Following on from a recent Q&A, this week’s coaching focus is breathing. Firstly, to be clear, it *is* a good idea to breath whilst running… Not doing so can cause significant harm! But seriously, improving your breathing is seen as a possible way of increasing oxygen uptake and decreasing the risk of side stitches and cramps, as well as reducing stress before or during a hard run or race.

 

This week, why not think about your breathing whilst you run? Do you follow a particular breathing pattern? Have you tried different breathing techniques? Pick a run this week, focus on how you breathe, and maybe try one of the changes suggested below.

 

Baseline

Start your usual run. When you’re warmed up and a little way in, count how many steps it takes to inhale and exhale. You’re not looking for a particular number, this is just to give you a baseline of how you currently breathe. Then try one or more of the techniques below, or play with your breathing pattern in your own way, and see which feels more comfortable to you. You can also play with deep breathing drills to improve your oxygen intake before or after running, and relaxation breathing techniques to relax before a hard run or race.

  1. Nasal breathing: This is useful for checking you are running at a very easy effort. Oxygen intake is restricted so it’s ideal for stopping you running too hard. One to try on a very easy effort run.
  2. Match your breathing to your cadence: breathe in on each left foot strike and out on the right. Or breathe in on left foot strike and out on the next left foot strike. Which pattern feels better to you?
  3. Try a different breathing pattern. Alter your breathing so you breathe in for more foot strikes than you breathe out e.g. 3:2 – breathe in for three foot strikes and out for 2, or a 2:1 pattern.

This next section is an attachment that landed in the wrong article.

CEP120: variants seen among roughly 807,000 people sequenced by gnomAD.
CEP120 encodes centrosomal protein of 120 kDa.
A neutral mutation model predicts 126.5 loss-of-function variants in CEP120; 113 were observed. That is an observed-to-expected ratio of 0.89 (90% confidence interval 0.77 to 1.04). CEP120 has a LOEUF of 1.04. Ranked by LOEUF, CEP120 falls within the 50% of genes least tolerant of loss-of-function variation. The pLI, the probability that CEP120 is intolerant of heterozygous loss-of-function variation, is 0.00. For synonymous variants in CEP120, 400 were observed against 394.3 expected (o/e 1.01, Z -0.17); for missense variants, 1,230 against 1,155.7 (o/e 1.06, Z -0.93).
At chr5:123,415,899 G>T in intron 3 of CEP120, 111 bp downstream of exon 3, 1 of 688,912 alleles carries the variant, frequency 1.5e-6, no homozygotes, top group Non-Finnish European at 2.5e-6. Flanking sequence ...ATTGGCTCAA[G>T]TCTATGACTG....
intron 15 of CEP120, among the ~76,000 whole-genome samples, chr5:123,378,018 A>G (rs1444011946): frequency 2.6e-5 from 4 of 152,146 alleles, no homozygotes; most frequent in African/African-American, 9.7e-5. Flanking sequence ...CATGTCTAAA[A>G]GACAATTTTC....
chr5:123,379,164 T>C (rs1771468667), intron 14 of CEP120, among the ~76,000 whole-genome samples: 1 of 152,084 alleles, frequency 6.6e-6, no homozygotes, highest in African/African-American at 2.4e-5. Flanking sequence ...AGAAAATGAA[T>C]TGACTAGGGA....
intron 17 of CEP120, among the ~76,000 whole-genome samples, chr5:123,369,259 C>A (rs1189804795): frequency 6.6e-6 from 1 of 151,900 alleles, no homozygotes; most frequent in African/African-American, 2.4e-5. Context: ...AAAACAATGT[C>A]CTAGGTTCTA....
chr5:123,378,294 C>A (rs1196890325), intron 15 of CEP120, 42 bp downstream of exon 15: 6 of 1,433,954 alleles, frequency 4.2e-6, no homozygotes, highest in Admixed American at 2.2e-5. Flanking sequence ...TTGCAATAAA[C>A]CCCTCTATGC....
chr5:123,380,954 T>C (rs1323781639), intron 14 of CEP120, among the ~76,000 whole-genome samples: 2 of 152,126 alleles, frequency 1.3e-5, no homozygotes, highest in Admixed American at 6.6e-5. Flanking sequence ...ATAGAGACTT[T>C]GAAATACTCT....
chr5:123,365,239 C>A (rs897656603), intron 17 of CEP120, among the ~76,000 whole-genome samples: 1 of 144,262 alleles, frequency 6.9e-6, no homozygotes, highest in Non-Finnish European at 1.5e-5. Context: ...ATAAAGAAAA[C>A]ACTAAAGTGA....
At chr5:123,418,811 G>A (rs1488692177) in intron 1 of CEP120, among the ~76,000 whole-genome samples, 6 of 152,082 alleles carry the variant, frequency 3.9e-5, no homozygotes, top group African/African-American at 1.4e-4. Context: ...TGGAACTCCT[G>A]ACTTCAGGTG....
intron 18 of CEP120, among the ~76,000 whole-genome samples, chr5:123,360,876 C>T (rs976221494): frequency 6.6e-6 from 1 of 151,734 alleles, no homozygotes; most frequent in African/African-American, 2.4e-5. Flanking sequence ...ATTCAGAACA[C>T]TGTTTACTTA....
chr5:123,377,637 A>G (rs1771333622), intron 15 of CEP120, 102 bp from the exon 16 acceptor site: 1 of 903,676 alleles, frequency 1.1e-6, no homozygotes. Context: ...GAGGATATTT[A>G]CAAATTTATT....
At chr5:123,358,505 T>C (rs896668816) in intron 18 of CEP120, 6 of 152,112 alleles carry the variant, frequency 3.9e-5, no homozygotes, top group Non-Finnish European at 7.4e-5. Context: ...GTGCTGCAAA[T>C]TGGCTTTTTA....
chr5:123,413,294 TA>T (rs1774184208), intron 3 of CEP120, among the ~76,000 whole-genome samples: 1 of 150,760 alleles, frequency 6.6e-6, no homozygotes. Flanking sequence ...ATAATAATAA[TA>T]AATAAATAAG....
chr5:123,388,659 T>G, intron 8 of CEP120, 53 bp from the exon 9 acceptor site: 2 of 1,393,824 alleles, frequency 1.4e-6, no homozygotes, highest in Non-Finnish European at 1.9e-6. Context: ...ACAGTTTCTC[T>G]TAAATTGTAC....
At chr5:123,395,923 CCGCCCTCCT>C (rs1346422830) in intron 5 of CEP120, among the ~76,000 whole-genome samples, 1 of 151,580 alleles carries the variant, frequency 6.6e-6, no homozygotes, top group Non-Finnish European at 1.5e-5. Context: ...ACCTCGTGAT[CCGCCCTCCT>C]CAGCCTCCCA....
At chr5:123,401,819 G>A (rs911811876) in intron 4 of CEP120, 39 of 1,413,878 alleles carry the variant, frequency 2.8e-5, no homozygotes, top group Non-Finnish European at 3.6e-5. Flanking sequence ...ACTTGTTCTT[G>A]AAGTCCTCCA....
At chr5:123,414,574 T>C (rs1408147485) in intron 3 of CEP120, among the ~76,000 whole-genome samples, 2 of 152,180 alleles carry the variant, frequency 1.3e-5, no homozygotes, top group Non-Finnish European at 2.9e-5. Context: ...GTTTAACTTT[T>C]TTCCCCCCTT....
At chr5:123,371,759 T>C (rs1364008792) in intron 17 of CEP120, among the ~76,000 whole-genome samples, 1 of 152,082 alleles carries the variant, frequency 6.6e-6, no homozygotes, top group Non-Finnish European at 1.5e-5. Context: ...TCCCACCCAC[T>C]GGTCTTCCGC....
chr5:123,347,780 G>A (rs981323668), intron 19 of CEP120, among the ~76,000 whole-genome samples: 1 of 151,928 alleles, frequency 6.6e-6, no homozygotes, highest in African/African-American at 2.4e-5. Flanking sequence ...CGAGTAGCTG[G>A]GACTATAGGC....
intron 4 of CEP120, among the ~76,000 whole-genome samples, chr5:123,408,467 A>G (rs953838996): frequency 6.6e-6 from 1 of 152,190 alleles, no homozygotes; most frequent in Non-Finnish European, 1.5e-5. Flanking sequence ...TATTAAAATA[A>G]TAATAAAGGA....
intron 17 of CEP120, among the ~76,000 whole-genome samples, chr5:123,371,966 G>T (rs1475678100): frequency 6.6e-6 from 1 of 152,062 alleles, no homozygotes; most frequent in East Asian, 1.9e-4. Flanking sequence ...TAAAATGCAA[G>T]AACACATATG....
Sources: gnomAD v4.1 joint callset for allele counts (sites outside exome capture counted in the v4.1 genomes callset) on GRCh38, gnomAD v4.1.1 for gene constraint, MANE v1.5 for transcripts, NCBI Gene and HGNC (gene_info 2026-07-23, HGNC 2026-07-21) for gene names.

4. Try using breathing to reduce your heart rate whilst running easy. If you feel your heart rate rising, slow down. Then breath in slowly for a count of three steps and release. Repeat 2-3 times, and note your heart rate at the start and the end.

 

Please don’t take this too seriously and if you find that something doesn’t work for you try something else. The main thing with breathing while running is to find something that you feel works for you and that feels natural. Whilst these techniques can help some, for others, one of the worst things would be to have to think about breathing whilst running.

 

Have fun and enjoy this – and don’t forget to post below to let me know what you are planning to do and how you get on.

 

I hope that you can take something away from this blog. I would love to hear your thoughts and I’ve set up a very supportive free Facebook Community where like-minded people can share their experiences of life and exercising. Please feel free to join and invite others you know who may be interested.

 

I also have a Facebook Club for runners where I post two weekly workout videos, host a live weekly Ask The Coach question and answer session plus a monthly live webinar on a host of running related topics.  This is ideal for those who use free plans but want to have access to a coach and ongoing information.  You can find more information and join here.

 

Do you want a personalised training plan?

Want to know more about running or personal training?

Contact me today to ask any questions or to book your FREE consultation.